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Saltwater Reports:
Todd Sweet: Last weekend was cold and clear with
almost no wind so it was perfect for winter fishing. I dropped off some
crab and prawn traps then headed to Tunstall Bay to catch the tail end
of the high slack. The ebb had just started so I figured I would give it
a couple passes. We dropped the gear in and within 5 minutes had a good
fish on the measured out at 25 inches.

It was on an irish creme spoon right on the bottom in 125 feet of
water. We did a couple more passes but didn’t get anything. We then
moved over to Grace Islands where there had been some action earlier in
the week and between the 4 boats there we worked it hard without getting
anything else. There was some bait in there but no action. We pulled a
couple buckets of prawns and a few crabs to finish off the day.

TS_Haul_Jan 5_2014.jpg

Eddie Matthei:

Fishing has continued to be fairly decent with a good amount of
bigger but just “undersized” fish and few nice Legal fish. Occasionally
you get into a school small shakers but I’m finding that overall the
fish are a nice size for this time of the year. This should make for
great fishing once they grow that last inch or so. The Vancouver harbour
has been holding fish but fish are showing west of Bowen Island as
well. I finally had a little spare time any decided to take out a good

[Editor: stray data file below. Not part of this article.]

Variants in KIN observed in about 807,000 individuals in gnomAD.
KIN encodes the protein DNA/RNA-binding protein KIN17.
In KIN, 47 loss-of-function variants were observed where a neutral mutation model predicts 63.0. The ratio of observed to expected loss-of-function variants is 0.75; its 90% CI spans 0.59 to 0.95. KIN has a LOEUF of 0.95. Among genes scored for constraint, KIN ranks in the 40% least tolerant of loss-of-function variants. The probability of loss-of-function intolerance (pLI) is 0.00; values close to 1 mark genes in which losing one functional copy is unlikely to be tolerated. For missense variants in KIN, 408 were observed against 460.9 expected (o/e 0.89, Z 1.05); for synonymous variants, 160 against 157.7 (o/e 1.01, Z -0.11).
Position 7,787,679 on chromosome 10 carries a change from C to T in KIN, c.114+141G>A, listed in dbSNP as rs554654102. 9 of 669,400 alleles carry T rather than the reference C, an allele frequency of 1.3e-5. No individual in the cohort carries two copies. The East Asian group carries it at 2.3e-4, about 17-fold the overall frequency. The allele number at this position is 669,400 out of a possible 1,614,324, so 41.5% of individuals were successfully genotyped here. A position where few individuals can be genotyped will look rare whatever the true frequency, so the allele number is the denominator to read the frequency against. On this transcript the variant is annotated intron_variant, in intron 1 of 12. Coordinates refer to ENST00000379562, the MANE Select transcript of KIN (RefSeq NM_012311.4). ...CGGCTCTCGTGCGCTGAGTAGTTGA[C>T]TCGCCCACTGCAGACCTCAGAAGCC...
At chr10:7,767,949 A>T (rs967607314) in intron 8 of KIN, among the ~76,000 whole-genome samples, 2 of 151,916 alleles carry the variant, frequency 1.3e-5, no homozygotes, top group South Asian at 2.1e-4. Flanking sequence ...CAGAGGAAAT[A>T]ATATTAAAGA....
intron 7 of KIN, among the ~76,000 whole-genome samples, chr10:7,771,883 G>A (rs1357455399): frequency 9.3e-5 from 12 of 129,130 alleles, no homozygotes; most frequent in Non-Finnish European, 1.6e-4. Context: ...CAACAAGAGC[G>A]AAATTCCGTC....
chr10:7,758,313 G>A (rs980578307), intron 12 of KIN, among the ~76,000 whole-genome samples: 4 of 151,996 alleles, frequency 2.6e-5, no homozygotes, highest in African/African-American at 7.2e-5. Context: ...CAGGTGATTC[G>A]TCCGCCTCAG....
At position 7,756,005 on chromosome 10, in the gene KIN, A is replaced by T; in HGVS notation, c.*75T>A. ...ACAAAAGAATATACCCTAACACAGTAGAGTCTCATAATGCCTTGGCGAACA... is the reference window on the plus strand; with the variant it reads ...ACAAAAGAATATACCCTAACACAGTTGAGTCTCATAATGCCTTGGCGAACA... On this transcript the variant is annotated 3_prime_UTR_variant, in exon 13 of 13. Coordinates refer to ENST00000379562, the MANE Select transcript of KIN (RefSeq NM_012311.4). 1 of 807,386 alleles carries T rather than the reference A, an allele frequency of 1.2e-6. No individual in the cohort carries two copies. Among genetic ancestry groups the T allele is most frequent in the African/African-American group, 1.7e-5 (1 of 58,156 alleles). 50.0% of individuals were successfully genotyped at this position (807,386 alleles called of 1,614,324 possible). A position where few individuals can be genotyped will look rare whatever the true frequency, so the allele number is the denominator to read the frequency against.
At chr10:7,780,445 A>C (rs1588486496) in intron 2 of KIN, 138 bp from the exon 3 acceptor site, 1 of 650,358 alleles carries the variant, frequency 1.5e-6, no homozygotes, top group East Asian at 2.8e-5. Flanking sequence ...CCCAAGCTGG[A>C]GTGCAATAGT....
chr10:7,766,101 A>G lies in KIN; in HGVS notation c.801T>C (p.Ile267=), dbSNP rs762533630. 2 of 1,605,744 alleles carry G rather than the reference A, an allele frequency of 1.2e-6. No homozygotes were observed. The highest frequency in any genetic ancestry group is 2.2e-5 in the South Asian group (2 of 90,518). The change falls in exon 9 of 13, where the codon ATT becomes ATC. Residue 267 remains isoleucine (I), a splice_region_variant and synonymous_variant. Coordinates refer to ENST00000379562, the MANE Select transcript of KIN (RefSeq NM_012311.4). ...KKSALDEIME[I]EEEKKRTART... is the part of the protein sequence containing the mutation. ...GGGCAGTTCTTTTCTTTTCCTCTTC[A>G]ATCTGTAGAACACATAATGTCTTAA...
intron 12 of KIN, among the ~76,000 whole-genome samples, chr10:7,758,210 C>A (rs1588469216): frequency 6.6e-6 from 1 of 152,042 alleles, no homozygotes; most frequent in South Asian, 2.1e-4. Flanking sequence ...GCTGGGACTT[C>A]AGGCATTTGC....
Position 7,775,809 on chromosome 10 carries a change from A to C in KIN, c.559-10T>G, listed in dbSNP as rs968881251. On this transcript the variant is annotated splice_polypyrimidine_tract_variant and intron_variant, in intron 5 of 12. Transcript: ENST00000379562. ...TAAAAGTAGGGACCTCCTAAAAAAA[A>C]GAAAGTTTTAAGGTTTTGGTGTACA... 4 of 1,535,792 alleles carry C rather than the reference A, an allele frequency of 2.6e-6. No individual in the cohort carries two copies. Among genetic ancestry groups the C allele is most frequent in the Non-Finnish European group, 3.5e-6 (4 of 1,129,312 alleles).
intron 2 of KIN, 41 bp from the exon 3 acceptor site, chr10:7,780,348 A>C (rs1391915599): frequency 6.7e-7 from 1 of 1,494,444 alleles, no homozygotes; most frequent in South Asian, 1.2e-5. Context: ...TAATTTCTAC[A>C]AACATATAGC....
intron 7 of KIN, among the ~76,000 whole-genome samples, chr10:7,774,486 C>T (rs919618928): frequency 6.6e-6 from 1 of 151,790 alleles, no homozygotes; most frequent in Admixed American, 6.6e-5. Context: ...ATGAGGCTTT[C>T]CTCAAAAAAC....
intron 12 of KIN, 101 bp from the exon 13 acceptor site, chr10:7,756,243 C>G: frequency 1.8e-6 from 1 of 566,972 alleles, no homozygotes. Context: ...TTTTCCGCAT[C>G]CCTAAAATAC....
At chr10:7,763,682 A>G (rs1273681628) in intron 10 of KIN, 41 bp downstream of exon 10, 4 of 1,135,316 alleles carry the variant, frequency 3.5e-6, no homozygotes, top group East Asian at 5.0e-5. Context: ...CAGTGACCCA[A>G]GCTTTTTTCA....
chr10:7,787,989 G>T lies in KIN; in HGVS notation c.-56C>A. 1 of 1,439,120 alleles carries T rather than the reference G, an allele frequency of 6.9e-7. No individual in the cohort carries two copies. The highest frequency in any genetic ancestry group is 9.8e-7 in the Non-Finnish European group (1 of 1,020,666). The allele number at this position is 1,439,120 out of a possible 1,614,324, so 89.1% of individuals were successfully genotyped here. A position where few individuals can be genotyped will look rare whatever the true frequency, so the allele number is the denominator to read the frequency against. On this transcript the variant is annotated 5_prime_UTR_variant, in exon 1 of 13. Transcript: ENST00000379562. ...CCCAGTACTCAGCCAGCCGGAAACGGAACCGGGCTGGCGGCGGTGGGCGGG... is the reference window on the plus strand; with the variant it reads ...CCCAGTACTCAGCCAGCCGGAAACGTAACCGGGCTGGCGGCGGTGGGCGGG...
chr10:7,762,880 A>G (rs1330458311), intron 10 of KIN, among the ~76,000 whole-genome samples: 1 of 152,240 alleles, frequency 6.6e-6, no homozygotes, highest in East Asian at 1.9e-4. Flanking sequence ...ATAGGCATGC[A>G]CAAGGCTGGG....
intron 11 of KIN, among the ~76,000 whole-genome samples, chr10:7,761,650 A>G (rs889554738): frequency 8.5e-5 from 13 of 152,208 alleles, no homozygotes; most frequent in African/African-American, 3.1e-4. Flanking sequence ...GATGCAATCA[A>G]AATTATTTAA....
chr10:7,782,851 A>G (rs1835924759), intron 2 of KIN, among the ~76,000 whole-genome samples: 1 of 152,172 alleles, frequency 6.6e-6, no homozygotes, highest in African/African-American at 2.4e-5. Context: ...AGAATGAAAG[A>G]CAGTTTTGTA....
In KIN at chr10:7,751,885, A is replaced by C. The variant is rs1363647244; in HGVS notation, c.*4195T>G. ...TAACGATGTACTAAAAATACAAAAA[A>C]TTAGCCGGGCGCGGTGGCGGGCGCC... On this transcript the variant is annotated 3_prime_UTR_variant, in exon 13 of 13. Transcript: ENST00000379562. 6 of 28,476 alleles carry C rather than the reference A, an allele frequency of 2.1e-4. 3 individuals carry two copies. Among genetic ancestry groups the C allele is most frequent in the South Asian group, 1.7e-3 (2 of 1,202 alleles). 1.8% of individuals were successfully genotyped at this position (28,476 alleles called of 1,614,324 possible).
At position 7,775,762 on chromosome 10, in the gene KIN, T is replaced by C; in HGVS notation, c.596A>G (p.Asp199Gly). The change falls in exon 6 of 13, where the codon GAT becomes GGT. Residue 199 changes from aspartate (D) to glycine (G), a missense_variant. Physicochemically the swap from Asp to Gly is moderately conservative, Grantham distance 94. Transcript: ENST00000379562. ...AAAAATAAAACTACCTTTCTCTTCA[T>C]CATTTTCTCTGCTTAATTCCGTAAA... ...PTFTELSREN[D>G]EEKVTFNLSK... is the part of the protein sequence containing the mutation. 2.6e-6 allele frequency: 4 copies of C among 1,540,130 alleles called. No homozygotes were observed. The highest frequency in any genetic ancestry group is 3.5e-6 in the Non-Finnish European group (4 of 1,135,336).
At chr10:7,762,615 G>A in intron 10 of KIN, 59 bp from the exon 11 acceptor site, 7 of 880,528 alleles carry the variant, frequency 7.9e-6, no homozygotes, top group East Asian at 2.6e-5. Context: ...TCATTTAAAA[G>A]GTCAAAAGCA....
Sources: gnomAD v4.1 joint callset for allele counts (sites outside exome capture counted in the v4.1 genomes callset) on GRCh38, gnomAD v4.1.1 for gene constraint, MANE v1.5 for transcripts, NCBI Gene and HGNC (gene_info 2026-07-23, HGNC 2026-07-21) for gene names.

friend who had never been salmon fishing on the Ocean.

We headed out on the Salty Dawg and dropped a couple of crab traps
and then dropped the lines around the at the QB marker. It was a little
drizzly but the water was flat calm and you didn’t need a fish finder to
tell you there was bait in the water. There were lots of birds picking
up small 3″ herring which is why the “3-3.5″ spoons have been working so
well. I have also found 4″ herring in some of the fish I’ve cleaned so
I’ve also been running 4″ spoons and have had more strikes on them when I
give the fish a choice.

So far the best patterns seem to be the Homeland Security, The
Kitchen Sink, Irish Cream and my Favourite the Green Glo. I like to use
Glo Flashers in low light conditions and more reflective flashers when
it’s bright sunny conditions. There’s lots of flashers out and it’s a
matter of switching up to see what the fish like that day or time of the
day. We were early for the slack tide and trolled for about an hour
before my buddy got to fight his first Chinook in the ocean which came
on a 4″ Green Go with a Chartreuse double glo flasher. The nice runs he
took made it seem like a bigger fish but it was just a 1/2″ shy of the
limit. These winter fish can put up a very good fight.

Slack tide was approaching and I had to decide whether to stay or
head to the mouth of the Capilano. I had heard a couple of good reports
lately and one very nice fish that was involuntary released and was
still out there. I trolled there in time for slack and met two other
boats but unfortunately there was not a lot of action there that day.
Sometimes you zig when you should have zagged! We each ended up with a
couple of large crab for dinner and my buddy got to fight his first


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